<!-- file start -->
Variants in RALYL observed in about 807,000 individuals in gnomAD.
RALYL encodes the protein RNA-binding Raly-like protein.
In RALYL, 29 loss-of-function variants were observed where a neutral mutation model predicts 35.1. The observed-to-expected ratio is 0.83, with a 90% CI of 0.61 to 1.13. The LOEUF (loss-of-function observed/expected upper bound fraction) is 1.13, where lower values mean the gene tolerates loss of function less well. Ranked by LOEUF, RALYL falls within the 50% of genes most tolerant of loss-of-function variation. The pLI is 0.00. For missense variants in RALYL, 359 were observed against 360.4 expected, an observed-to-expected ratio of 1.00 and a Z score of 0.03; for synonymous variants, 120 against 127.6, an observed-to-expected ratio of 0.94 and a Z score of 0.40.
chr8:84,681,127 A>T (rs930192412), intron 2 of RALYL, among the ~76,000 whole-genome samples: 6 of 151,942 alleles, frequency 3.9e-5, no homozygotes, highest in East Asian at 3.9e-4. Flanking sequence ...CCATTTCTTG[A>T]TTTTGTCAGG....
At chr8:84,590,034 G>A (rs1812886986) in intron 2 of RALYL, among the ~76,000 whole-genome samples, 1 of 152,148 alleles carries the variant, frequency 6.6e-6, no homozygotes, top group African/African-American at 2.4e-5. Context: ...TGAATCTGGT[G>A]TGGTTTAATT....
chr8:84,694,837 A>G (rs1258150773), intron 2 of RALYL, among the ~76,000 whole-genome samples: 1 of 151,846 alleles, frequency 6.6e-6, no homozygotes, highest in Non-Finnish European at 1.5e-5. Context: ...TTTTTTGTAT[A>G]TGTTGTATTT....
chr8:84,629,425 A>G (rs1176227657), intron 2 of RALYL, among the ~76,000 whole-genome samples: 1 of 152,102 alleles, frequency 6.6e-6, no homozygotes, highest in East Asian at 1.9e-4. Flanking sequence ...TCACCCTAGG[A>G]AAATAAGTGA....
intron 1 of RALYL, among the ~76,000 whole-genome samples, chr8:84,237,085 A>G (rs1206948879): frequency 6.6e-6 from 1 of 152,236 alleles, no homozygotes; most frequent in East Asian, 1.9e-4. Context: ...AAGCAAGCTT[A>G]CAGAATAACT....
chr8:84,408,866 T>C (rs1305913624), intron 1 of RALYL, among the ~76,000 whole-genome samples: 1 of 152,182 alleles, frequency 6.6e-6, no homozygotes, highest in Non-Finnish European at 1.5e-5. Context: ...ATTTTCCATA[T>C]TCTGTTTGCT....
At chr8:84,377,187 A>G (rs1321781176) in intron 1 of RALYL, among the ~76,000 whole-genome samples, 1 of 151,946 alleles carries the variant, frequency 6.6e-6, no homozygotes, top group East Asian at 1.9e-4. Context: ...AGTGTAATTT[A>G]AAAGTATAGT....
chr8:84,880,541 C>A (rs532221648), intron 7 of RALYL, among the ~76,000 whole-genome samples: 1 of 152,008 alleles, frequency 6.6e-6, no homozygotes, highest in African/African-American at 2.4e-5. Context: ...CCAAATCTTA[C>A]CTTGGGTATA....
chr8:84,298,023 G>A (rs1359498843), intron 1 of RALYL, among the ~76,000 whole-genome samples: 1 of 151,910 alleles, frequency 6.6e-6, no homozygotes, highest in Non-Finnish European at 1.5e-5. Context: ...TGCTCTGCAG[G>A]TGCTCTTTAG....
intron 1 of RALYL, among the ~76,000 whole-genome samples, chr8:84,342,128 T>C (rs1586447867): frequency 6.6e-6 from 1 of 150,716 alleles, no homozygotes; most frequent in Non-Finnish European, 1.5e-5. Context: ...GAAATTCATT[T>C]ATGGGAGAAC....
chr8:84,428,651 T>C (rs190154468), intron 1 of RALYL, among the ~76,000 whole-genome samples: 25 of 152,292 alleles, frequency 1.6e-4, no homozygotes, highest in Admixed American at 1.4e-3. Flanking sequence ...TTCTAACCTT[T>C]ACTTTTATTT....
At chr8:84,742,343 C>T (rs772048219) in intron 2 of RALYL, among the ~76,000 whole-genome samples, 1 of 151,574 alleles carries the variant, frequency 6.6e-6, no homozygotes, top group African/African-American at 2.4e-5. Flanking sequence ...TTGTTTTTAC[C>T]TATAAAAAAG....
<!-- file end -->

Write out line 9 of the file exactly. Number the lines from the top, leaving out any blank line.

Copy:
chr8:84,408,866 T>C (rs1305913624), intron 1 of RALYL, among the ~76,000 whole-genome samples: 1 of 152,182 alleles, frequency 6.6e-6, no homozygotes, highest in Non-Finnish European at 1.5e-5. Context: ...ATTTTCCATA[T>C]TCTGTTTGCT....